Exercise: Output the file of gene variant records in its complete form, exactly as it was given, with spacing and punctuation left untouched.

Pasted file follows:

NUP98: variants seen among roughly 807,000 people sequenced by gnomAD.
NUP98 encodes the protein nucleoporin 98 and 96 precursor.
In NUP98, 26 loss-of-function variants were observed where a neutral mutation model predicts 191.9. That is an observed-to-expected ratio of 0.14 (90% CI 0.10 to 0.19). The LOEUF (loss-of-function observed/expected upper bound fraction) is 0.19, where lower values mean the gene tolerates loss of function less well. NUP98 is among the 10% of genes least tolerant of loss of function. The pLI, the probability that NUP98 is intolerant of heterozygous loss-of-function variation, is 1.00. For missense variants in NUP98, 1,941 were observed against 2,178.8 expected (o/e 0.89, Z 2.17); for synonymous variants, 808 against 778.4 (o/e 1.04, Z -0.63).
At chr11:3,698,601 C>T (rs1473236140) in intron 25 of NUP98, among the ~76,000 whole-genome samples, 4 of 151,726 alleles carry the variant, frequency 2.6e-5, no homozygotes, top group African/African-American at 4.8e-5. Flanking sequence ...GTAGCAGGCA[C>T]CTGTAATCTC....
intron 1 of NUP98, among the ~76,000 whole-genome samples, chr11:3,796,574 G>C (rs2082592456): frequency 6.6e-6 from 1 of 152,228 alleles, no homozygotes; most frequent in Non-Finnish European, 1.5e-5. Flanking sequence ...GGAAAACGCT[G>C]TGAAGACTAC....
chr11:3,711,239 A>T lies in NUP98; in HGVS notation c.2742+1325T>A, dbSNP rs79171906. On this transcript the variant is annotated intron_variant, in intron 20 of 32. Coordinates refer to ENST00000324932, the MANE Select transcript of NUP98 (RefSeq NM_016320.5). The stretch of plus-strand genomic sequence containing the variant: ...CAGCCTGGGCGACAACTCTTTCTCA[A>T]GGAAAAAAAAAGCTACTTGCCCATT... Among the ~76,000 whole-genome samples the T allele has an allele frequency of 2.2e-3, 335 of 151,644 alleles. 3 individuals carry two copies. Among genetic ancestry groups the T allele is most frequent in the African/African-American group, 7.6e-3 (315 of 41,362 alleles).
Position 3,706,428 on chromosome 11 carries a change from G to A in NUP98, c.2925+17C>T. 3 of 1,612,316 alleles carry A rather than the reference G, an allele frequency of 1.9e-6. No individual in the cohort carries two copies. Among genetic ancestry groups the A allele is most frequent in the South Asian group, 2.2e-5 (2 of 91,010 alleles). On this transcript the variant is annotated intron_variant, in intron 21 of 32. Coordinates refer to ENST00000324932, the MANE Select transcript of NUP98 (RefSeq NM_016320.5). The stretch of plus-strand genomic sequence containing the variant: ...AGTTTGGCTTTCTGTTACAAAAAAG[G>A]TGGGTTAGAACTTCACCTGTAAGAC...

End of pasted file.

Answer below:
NUP98: variants seen among roughly 807,000 people sequenced by gnomAD.
NUP98 encodes the protein nucleoporin 98 and 96 precursor.
In NUP98, 26 loss-of-function variants were observed where a neutral mutation model predicts 191.9. That is an observed-to-expected ratio of 0.14 (90% CI 0.10 to 0.19). The LOEUF (loss-of-function observed/expected upper bound fraction) is 0.19, where lower values mean the gene tolerates loss of function less well. NUP98 is among the 10% of genes least tolerant of loss of function. The pLI, the probability that NUP98 is intolerant of heterozygous loss-of-function variation, is 1.00. For missense variants in NUP98, 1,941 were observed against 2,178.8 expected (o/e 0.89, Z 2.17); for synonymous variants, 808 against 778.4 (o/e 1.04, Z -0.63).
At chr11:3,698,601 C>T (rs1473236140) in intron 25 of NUP98, among the ~76,000 whole-genome samples, 4 of 151,726 alleles carry the variant, frequency 2.6e-5, no homozygotes, top group African/African-American at 4.8e-5. Flanking sequence ...GTAGCAGGCA[C>T]CTGTAATCTC....
intron 1 of NUP98, among the ~76,000 whole-genome samples, chr11:3,796,574 G>C (rs2082592456): frequency 6.6e-6 from 1 of 152,228 alleles, no homozygotes; most frequent in Non-Finnish European, 1.5e-5. Flanking sequence ...GGAAAACGCT[G>C]TGAAGACTAC....
chr11:3,711,239 A>T lies in NUP98; in HGVS notation c.2742+1325T>A, dbSNP rs79171906. On this transcript the variant is annotated intron_variant, in intron 20 of 32. Coordinates refer to ENST00000324932, the MANE Select transcript of NUP98 (RefSeq NM_016320.5). The stretch of plus-strand genomic sequence containing the variant: ...CAGCCTGGGCGACAACTCTTTCTCA[A>T]GGAAAAAAAAAGCTACTTGCCCATT... Among the ~76,000 whole-genome samples the T allele has an allele frequency of 2.2e-3, 335 of 151,644 alleles. 3 individuals carry two copies. Among genetic ancestry groups the T allele is most frequent in the African/African-American group, 7.6e-3 (315 of 41,362 alleles).
Position 3,706,428 on chromosome 11 carries a change from G to A in NUP98, c.2925+17C>T. 3 of 1,612,316 alleles carry A rather than the reference G, an allele frequency of 1.9e-6. No individual in the cohort carries two copies. Among genetic ancestry groups the A allele is most frequent in the South Asian group, 2.2e-5 (2 of 91,010 alleles). On this transcript the variant is annotated intron_variant, in intron 21 of 32. Coordinates refer to ENST00000324932, the MANE Select transcript of NUP98 (RefSeq NM_016320.5). The stretch of plus-strand genomic sequence containing the variant: ...AGTTTGGCTTTCTGTTACAAAAAAG[G>A]TGGGTTAGAACTTCACCTGTAAGAC...